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Tag Archives: George Monbiot

March in March: Enough of the Deception and Manipulation

A guest post by Matthew Mitchell. This article was first published on Matthew’s blog (We) can do better.

Abbott took government by playing on the fears of Australians, supported by the Murdoch press. Fears that have been built up and sustained through systems of secrecy, lies and deception. This is the emerging pattern of westernised governments and corporations across the globe. And these techniques depend upon violence, fear and coercion. All of which were evident in the Manus Island riots and killing, despite attempts to demonise the victims (Howard pulled a similar trick with Tampa).


The truth is that refugees, particularly those arriving by boat, form a tiny percentage of immigration into Australia, and could not come close to the “legal” immigration figures (see here for Asylum Seeker Myths). Not to mention that we are bound by law to accept them, under our international agreements. The vast majority of immigration is officially encouraged specialist migration, done not out of any grand vision for Australian society, but solely to feed the industrial growth model which is destroying the planet and leading not to higher prosperity for Australians, but significantly lower in terms of: levels of debt; less choices of jobs; less educational opportunities; crowded transport systems; hideous urban living developments and ongoing destruction of the natural environment.

In fact, it is this failing growth model that is mostly causing the refugee problem in the first place. Our dependence on fossil fuels, Australia’s collaboration and support of the U.S in global manipulations to establish regimes that serve the interests of a wealthy elite; the general extraction of the resources of less developed nations; manipulations of markets by multi-nationals which ensure that those nations at the bottom of the global food chain can never climb up, the list goes on. The WTO has never delivered the necessary agreements on agriculture that would eliminate subsidies by the U.S and other wealthy nations so as to allow developing nations to compete fairly. In the WTO’s own words: “developing countries […] say developed countries have failed to implement the agreements in a way that would benefit developing countries’ trade.”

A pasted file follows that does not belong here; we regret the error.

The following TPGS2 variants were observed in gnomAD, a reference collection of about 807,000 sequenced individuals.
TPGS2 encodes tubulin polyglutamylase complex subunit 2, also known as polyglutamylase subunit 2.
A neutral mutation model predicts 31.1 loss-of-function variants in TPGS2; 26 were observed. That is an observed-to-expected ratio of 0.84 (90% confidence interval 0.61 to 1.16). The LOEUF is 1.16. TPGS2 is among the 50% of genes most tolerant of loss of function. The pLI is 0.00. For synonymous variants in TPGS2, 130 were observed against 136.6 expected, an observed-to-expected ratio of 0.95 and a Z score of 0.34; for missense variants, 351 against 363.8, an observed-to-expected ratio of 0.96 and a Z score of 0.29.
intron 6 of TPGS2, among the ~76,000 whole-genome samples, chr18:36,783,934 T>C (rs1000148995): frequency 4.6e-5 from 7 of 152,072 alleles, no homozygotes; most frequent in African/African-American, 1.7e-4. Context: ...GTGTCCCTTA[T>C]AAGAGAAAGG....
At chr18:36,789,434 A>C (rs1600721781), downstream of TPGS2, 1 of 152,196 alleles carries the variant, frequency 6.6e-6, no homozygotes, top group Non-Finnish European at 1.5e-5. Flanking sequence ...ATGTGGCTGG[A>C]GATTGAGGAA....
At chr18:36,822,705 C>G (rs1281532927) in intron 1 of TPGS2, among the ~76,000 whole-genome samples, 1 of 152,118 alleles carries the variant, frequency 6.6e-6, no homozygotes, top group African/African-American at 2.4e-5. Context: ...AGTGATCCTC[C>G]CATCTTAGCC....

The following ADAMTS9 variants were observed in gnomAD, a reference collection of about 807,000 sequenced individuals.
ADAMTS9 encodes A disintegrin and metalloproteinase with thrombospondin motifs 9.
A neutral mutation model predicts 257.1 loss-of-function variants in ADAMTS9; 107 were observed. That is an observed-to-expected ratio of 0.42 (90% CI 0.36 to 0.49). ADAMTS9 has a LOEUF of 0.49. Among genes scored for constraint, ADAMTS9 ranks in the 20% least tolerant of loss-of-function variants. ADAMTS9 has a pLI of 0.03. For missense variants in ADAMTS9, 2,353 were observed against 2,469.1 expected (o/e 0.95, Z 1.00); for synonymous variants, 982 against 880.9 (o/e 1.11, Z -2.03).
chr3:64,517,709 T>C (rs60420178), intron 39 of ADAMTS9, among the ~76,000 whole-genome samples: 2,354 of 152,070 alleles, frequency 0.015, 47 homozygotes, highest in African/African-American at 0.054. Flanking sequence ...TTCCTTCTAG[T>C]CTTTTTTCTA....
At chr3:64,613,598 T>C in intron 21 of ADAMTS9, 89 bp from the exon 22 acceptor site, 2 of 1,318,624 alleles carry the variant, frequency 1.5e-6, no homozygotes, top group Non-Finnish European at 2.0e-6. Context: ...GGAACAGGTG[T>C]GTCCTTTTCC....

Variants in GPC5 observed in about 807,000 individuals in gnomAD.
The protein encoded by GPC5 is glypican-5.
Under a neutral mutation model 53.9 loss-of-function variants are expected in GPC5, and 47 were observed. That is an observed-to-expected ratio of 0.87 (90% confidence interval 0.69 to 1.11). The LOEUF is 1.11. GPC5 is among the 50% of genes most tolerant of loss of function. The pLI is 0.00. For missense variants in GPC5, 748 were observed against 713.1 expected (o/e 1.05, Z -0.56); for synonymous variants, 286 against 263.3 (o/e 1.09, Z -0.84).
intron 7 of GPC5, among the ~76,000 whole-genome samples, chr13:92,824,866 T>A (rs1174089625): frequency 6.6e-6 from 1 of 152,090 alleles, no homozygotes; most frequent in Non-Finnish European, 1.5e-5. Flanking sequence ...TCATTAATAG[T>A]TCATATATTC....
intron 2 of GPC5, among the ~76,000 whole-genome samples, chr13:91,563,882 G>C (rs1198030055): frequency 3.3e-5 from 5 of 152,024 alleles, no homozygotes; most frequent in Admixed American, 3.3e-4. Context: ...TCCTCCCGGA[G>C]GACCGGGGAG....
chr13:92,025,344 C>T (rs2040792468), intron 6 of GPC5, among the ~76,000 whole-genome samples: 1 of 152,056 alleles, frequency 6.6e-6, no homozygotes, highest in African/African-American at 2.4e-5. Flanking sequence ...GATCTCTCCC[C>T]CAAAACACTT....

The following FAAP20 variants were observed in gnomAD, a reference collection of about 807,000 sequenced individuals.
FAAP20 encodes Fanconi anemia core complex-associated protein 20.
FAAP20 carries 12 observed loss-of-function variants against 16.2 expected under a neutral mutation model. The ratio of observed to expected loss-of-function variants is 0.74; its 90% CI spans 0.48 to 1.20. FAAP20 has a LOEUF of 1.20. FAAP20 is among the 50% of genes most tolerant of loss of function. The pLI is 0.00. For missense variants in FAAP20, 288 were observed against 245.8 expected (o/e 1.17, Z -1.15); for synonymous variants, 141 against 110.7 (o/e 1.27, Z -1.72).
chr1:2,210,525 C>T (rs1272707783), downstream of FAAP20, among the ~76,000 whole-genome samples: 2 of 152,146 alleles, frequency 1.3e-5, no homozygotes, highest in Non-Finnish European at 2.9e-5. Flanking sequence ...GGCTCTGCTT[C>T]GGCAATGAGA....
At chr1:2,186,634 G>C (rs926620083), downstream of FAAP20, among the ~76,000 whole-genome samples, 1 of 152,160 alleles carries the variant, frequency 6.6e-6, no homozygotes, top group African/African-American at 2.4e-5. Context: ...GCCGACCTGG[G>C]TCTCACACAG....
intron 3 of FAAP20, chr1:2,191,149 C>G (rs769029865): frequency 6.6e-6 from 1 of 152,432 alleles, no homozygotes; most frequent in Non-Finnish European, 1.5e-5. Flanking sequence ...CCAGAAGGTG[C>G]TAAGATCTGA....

George Monbiot – a respected journalist for The Guardian newspaper – is exactly right when he states:The real threat to the national interest comes from the rich and powerful“.


In fact the failure of the multi-nationals to achieve what they wanted through the WTO has lead to the Trans-pacific Partnership (TPP) , an “agreement” being negotiated in secret and described as a “corporate coup”.


The manipulation of corporations is well captured in the following video parody of the Coal Industry – coal which is now polluting Gippsland as it has been polluting Chinese cities for years – to the sure detriment of their children’s long-term health. Not to mention 8 million acres of Chinese land so polluted that food cannot be grown on it. It is in such nations that the dark underside of our growth based consumerism is hidden from view, and the less said about it in the corporate controlled media, the better: